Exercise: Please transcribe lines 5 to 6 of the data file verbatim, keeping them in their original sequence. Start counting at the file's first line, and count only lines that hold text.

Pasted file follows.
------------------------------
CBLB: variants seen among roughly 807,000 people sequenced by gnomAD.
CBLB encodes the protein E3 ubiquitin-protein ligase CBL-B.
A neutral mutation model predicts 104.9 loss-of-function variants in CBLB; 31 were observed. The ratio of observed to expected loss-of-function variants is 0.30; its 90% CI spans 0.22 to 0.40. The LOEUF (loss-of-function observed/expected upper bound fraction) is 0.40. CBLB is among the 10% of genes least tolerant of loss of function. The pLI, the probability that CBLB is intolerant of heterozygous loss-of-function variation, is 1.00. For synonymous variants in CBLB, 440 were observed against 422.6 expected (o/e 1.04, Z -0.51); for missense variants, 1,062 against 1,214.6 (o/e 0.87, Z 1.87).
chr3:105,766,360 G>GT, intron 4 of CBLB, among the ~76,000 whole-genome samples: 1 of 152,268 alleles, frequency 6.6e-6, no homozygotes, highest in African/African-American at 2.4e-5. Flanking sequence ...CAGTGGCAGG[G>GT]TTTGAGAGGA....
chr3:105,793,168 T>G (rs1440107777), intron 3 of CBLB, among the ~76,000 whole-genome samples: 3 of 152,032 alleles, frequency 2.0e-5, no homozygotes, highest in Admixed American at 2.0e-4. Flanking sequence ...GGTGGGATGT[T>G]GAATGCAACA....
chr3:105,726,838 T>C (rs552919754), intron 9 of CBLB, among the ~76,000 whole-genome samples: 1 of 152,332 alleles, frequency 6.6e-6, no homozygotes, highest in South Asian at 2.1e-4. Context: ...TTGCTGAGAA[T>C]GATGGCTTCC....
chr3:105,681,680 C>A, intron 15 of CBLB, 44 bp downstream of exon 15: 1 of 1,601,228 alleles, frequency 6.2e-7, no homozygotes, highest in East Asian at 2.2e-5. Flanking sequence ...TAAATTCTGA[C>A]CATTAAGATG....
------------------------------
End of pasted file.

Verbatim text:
chr3:105,793,168 T>G (rs1440107777), intron 3 of CBLB, among the ~76,000 whole-genome samples: 3 of 152,032 alleles, frequency 2.0e-5, no homozygotes, highest in Admixed American at 2.0e-4. Flanking sequence ...GGTGGGATGT[T>G]GAATGCAACA....
chr3:105,726,838 T>C (rs552919754), intron 9 of CBLB, among the ~76,000 whole-genome samples: 1 of 152,332 alleles, frequency 6.6e-6, no homozygotes, highest in South Asian at 2.1e-4. Context: ...TTGCTGAGAA[T>C]GATGGCTTCC....